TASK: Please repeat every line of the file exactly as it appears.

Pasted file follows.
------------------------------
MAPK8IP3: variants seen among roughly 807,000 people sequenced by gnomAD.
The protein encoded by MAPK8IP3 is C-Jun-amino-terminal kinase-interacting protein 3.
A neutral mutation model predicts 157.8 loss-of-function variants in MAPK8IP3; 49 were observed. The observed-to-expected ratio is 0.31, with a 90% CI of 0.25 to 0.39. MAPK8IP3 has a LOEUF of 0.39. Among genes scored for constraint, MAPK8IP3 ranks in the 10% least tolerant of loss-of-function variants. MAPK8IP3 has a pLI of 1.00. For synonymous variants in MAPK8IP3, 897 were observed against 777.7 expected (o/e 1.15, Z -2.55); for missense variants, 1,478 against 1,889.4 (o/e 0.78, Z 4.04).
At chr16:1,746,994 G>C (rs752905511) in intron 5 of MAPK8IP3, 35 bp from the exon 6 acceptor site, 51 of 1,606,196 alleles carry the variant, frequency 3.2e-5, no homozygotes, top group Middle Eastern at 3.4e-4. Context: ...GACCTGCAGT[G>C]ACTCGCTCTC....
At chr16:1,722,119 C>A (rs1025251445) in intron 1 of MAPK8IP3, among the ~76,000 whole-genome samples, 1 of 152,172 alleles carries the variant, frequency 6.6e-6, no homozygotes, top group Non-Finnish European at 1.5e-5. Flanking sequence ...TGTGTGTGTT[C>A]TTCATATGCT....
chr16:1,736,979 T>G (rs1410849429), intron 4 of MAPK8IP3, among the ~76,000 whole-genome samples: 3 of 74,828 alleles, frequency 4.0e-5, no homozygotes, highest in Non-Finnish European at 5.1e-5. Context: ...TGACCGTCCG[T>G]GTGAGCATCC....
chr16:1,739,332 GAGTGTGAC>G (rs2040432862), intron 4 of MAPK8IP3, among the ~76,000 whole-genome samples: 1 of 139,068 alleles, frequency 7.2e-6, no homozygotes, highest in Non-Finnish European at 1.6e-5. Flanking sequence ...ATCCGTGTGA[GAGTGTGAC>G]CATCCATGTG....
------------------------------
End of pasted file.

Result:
MAPK8IP3: variants seen among roughly 807,000 people sequenced by gnomAD.
The protein encoded by MAPK8IP3 is C-Jun-amino-terminal kinase-interacting protein 3.
A neutral mutation model predicts 157.8 loss-of-function variants in MAPK8IP3; 49 were observed. The observed-to-expected ratio is 0.31, with a 90% CI of 0.25 to 0.39. MAPK8IP3 has a LOEUF of 0.39. Among genes scored for constraint, MAPK8IP3 ranks in the 10% least tolerant of loss-of-function variants. MAPK8IP3 has a pLI of 1.00. For synonymous variants in MAPK8IP3, 897 were observed against 777.7 expected (o/e 1.15, Z -2.55); for missense variants, 1,478 against 1,889.4 (o/e 0.78, Z 4.04).
At chr16:1,746,994 G>C (rs752905511) in intron 5 of MAPK8IP3, 35 bp from the exon 6 acceptor site, 51 of 1,606,196 alleles carry the variant, frequency 3.2e-5, no homozygotes, top group Middle Eastern at 3.4e-4. Context: ...GACCTGCAGT[G>C]ACTCGCTCTC....
At chr16:1,722,119 C>A (rs1025251445) in intron 1 of MAPK8IP3, among the ~76,000 whole-genome samples, 1 of 152,172 alleles carries the variant, frequency 6.6e-6, no homozygotes, top group Non-Finnish European at 1.5e-5. Flanking sequence ...TGTGTGTGTT[C>A]TTCATATGCT....
chr16:1,736,979 T>G (rs1410849429), intron 4 of MAPK8IP3, among the ~76,000 whole-genome samples: 3 of 74,828 alleles, frequency 4.0e-5, no homozygotes, highest in Non-Finnish European at 5.1e-5. Context: ...TGACCGTCCG[T>G]GTGAGCATCC....
chr16:1,739,332 GAGTGTGAC>G (rs2040432862), intron 4 of MAPK8IP3, among the ~76,000 whole-genome samples: 1 of 139,068 alleles, frequency 7.2e-6, no homozygotes, highest in Non-Finnish European at 1.6e-5. Flanking sequence ...ATCCGTGTGA[GAGTGTGAC>G]CATCCATGTG....